On October 7th, the 32nd anniversary of the 8th Amendment to the Irish Constitution, the Irish Congress of Trade Unions (ICTU), the largest civil society body in Ireland, called for its repeal. ICTU opposed the 8th Amendment in 1983 and remain opposed to it today, calling it “a fundamental obstacle to women’s equality.” In 1983 they described the 8th Amendment as being “inappropriate in a democracy.” On Wednesday, ICTU Equality Officer David Joyce said “Women comprise more than half the trade union membership in Ireland and it is unacceptable that they live in a country where the law puts their health and lives at risk, criminalises them and forces them to travel abroad to avail of safe and legal [abortion]. It is time to start undoing the damage done in 1983.” Laura Duggan, ICTU youth, added, “It is deeply shameful that some have had to die or undergo torturous situations before our legislators will move on the issue,” and pointed out that no-one under the age of fifty had the chance to vote on the 8th Amendment.
Yet we all live with its legacy. The Geneva Convention stipulates that safe abortion must be made available to women raped in conflict, but Ireland denied an abortion and forced a C-section on a young woman who sought asylum here following repeated rapes in her war-torn country of origin last year. In 2012 Savita Hallappanavar died needlessly of sepsis following repeated requests for a termination that were ignored, and since 2013 any person who procures an abortion can be imprisoned for up to fourteen years.
On Monday October 5th Dublin City Council passed a motion to Repeal the 8th by 39 votes to 11. Over 1500 artists from the worlds of literature, music, film and television and visual arts, including Sinead O’Connor, Ciillian Murphy and Anne Enright have signed a public statement calling for its repeal, stating that the 8th Amendment “has prevented our doctors and our legislators from providing proper care to women in Ireland. The resulting physical and emotional trauma inflicted on women is inexcusable and an on going shame for Irish citizens.”
A poll taken at this year’s National Ploughing Championships shows that 64% of farmers want a change to 8th Amendment with only 34% opposed. Even 51% of those who attend Mass regularly are not happy with the current law, according to the poll which was published by the Irish Examiner. This may come as a surprise to some, as, correctly or incorrectly, farmers are often seen as a conservative group. However, most farmers are aware that abortion can be necessary for an animal’s health and survival in some cases. Why is it that farm animals can have unsafe pregnancies ended promptly to safeguard the health of the animal, but the same cannot be said pregnant women* in Ireland? Even if it is what she wants, what her doctor considers the best treatment, and even with this being international best medical practice?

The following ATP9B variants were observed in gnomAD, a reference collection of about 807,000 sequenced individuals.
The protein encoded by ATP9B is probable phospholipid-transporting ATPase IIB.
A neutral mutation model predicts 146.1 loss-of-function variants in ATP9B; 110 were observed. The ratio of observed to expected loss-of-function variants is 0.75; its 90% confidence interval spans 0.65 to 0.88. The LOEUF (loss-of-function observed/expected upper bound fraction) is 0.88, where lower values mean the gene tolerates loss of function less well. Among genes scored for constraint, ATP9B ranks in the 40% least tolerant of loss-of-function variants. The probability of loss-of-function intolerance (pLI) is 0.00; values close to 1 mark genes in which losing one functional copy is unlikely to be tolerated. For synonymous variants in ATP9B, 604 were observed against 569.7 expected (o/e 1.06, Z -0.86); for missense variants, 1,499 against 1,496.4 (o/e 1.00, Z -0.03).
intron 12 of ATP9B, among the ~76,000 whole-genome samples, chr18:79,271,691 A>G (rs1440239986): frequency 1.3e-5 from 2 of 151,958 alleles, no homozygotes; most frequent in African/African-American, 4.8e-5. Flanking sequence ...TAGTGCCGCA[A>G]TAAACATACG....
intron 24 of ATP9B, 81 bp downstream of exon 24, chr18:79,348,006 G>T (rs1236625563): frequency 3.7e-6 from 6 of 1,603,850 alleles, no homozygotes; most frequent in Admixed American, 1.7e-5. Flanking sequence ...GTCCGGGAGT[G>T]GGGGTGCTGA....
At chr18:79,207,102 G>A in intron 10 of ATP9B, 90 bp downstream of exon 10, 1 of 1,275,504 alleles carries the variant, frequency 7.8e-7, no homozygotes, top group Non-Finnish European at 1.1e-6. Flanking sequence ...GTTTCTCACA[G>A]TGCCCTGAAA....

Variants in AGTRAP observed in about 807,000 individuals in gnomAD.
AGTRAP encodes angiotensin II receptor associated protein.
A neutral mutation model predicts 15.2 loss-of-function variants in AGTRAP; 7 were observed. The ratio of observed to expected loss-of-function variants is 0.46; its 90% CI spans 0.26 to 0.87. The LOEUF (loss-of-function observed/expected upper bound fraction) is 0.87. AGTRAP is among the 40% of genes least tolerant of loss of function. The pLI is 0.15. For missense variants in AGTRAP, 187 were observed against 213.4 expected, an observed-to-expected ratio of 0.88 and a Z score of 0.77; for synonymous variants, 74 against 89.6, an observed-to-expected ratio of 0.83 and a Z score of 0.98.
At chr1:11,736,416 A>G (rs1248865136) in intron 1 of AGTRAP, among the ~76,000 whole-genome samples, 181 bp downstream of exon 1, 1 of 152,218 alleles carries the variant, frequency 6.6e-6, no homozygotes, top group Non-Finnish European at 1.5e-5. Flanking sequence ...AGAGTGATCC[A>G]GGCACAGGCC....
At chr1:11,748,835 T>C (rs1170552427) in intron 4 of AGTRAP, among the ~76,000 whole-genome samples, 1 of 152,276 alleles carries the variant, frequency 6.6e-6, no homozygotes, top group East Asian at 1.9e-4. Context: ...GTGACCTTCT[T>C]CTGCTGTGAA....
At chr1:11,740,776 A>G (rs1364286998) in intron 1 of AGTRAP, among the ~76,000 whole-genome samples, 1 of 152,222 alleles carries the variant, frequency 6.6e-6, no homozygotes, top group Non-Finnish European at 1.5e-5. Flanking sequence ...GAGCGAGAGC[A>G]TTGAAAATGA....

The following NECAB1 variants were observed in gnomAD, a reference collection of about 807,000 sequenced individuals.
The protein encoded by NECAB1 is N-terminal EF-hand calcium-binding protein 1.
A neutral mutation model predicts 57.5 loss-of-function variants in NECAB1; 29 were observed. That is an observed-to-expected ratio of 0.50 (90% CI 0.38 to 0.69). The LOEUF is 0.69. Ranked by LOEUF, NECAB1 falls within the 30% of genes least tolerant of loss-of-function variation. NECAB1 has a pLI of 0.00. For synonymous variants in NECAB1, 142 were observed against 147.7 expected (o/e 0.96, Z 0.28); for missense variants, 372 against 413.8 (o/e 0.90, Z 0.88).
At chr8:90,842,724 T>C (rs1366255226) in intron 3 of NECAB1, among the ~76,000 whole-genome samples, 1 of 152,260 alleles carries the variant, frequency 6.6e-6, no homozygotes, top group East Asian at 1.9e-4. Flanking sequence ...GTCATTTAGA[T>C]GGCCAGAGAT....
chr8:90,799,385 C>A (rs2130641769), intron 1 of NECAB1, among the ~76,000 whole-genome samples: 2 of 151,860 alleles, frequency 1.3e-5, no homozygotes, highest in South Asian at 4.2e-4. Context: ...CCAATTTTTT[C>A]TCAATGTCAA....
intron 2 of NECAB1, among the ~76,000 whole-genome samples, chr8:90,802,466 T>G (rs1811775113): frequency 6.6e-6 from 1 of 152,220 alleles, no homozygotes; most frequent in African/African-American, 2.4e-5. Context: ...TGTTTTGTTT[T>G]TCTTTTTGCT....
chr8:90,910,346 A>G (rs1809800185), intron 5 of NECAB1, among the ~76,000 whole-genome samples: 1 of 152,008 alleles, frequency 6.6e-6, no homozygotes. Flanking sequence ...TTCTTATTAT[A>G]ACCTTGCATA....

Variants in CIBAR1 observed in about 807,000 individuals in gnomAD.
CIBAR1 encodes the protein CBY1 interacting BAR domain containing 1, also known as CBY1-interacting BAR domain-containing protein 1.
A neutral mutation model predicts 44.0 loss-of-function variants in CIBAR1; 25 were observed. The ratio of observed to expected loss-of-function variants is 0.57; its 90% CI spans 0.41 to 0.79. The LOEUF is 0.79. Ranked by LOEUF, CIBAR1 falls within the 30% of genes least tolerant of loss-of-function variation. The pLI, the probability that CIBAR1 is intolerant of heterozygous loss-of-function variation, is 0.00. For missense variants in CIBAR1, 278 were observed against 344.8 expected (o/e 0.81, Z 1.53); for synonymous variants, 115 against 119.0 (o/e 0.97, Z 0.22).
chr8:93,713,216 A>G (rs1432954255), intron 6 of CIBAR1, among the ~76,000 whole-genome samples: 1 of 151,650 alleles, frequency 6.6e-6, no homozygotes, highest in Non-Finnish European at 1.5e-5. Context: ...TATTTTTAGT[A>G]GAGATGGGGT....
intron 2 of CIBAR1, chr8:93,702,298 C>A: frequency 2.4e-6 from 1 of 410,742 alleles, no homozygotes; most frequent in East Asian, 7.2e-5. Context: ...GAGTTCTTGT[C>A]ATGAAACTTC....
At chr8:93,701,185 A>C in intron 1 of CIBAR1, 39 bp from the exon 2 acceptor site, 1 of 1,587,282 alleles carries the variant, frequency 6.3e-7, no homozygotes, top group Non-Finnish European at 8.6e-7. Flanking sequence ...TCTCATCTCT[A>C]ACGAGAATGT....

Many farmers are female, and male farmers have women and girls in their lives, and they want what’s best for them – we know what is best is to repeal the 8th Amendment and allow for healthcare in Ireland to finally come in line with best international practice.
This year, we held our fourth annual March for Choice on 26th September, marking the International Day of Action on Access to Safe and Legal Abortion. 10,000 people joined us to march from the Garden of Remembrance to the Dáil; almost double last year’s attendance. Abortions are an Irish reality and it is clear that Ireland’s so-called “pro-life” laws do not stop abortions, but instead force Irish women to risk their health, freedom, financial security, and enormous stigma to access the healthcare they need. Speakers at the march also highlighted that the 8th Amendment compromises maternal care in Ireland.
Other groups which have called for a repeal of the 8th Amendment include the National Women’s Council of Ireland, the Trade Union Campaign to Repeal the Eight, AkidwA, The Irish Human Rights Commission, and Amnesty International.
*women is used in this article but the Abortion Rights Campaign includes any person who identifies as a woman, and acknowledges that not just women may need access to abortion as part of health care.